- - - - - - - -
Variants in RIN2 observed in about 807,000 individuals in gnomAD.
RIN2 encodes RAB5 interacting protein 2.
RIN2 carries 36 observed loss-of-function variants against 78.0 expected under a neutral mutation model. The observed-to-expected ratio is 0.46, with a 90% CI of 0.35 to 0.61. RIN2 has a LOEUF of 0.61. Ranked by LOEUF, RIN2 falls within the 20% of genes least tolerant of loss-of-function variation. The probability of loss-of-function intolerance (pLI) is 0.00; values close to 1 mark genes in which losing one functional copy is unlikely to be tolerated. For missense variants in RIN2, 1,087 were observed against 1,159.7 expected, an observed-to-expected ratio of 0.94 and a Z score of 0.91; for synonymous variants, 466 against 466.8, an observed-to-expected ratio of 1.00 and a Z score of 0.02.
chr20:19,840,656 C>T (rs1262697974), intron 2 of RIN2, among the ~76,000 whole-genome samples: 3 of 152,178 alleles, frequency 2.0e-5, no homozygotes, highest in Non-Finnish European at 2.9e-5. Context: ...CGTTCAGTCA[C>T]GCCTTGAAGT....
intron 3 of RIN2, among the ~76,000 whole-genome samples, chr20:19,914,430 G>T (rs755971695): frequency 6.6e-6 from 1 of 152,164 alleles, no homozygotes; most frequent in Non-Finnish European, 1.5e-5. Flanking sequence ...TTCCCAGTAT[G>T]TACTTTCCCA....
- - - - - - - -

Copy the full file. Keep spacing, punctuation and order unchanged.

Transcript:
Variants in RIN2 observed in about 807,000 individuals in gnomAD.
RIN2 encodes RAB5 interacting protein 2.
RIN2 carries 36 observed loss-of-function variants against 78.0 expected under a neutral mutation model. The observed-to-expected ratio is 0.46, with a 90% CI of 0.35 to 0.61. RIN2 has a LOEUF of 0.61. Ranked by LOEUF, RIN2 falls within the 20% of genes least tolerant of loss-of-function variation. The probability of loss-of-function intolerance (pLI) is 0.00; values close to 1 mark genes in which losing one functional copy is unlikely to be tolerated. For missense variants in RIN2, 1,087 were observed against 1,159.7 expected, an observed-to-expected ratio of 0.94 and a Z score of 0.91; for synonymous variants, 466 against 466.8, an observed-to-expected ratio of 1.00 and a Z score of 0.02.
chr20:19,840,656 C>T (rs1262697974), intron 2 of RIN2, among the ~76,000 whole-genome samples: 3 of 152,178 alleles, frequency 2.0e-5, no homozygotes, highest in Non-Finnish European at 2.9e-5. Context: ...CGTTCAGTCA[C>T]GCCTTGAAGT....
intron 3 of RIN2, among the ~76,000 whole-genome samples, chr20:19,914,430 G>T (rs755971695): frequency 6.6e-6 from 1 of 152,164 alleles, no homozygotes; most frequent in Non-Finnish European, 1.5e-5. Flanking sequence ...TTCCCAGTAT[G>T]TACTTTCCCA....